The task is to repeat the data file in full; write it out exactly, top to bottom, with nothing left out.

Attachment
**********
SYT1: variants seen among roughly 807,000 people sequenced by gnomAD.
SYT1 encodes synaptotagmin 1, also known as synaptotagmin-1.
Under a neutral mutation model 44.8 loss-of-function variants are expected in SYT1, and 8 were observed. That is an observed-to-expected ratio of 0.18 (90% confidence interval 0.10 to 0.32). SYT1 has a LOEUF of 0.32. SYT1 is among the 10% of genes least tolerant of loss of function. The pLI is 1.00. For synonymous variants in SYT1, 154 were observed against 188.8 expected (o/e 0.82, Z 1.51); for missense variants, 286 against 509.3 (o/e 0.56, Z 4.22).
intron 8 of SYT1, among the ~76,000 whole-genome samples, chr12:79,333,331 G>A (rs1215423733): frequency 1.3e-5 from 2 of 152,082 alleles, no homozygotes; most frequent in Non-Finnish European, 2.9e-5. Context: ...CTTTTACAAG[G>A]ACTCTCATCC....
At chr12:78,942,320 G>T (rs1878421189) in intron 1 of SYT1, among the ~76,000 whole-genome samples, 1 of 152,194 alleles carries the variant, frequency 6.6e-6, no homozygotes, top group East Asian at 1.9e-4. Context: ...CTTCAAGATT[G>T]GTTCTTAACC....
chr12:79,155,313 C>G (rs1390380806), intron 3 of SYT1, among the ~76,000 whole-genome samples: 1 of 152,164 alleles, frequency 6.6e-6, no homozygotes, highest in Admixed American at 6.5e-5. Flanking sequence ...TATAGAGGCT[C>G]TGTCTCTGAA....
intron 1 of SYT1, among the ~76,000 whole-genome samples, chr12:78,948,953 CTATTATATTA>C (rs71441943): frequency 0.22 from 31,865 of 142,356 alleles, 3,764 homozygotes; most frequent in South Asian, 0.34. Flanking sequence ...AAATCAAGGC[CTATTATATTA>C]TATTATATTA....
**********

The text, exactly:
SYT1: variants seen among roughly 807,000 people sequenced by gnomAD.
SYT1 encodes synaptotagmin 1, also known as synaptotagmin-1.
Under a neutral mutation model 44.8 loss-of-function variants are expected in SYT1, and 8 were observed. That is an observed-to-expected ratio of 0.18 (90% confidence interval 0.10 to 0.32). SYT1 has a LOEUF of 0.32. SYT1 is among the 10% of genes least tolerant of loss of function. The pLI is 1.00. For synonymous variants in SYT1, 154 were observed against 188.8 expected (o/e 0.82, Z 1.51); for missense variants, 286 against 509.3 (o/e 0.56, Z 4.22).
intron 8 of SYT1, among the ~76,000 whole-genome samples, chr12:79,333,331 G>A (rs1215423733): frequency 1.3e-5 from 2 of 152,082 alleles, no homozygotes; most frequent in Non-Finnish European, 2.9e-5. Context: ...CTTTTACAAG[G>A]ACTCTCATCC....
At chr12:78,942,320 G>T (rs1878421189) in intron 1 of SYT1, among the ~76,000 whole-genome samples, 1 of 152,194 alleles carries the variant, frequency 6.6e-6, no homozygotes, top group East Asian at 1.9e-4. Context: ...CTTCAAGATT[G>T]GTTCTTAACC....
chr12:79,155,313 C>G (rs1390380806), intron 3 of SYT1, among the ~76,000 whole-genome samples: 1 of 152,164 alleles, frequency 6.6e-6, no homozygotes, highest in Admixed American at 6.5e-5. Flanking sequence ...TATAGAGGCT[C>G]TGTCTCTGAA....
intron 1 of SYT1, among the ~76,000 whole-genome samples, chr12:78,948,953 CTATTATATTA>C (rs71441943): frequency 0.22 from 31,865 of 142,356 alleles, 3,764 homozygotes; most frequent in South Asian, 0.34. Flanking sequence ...AAATCAAGGC[CTATTATATTA>C]TATTATATTA....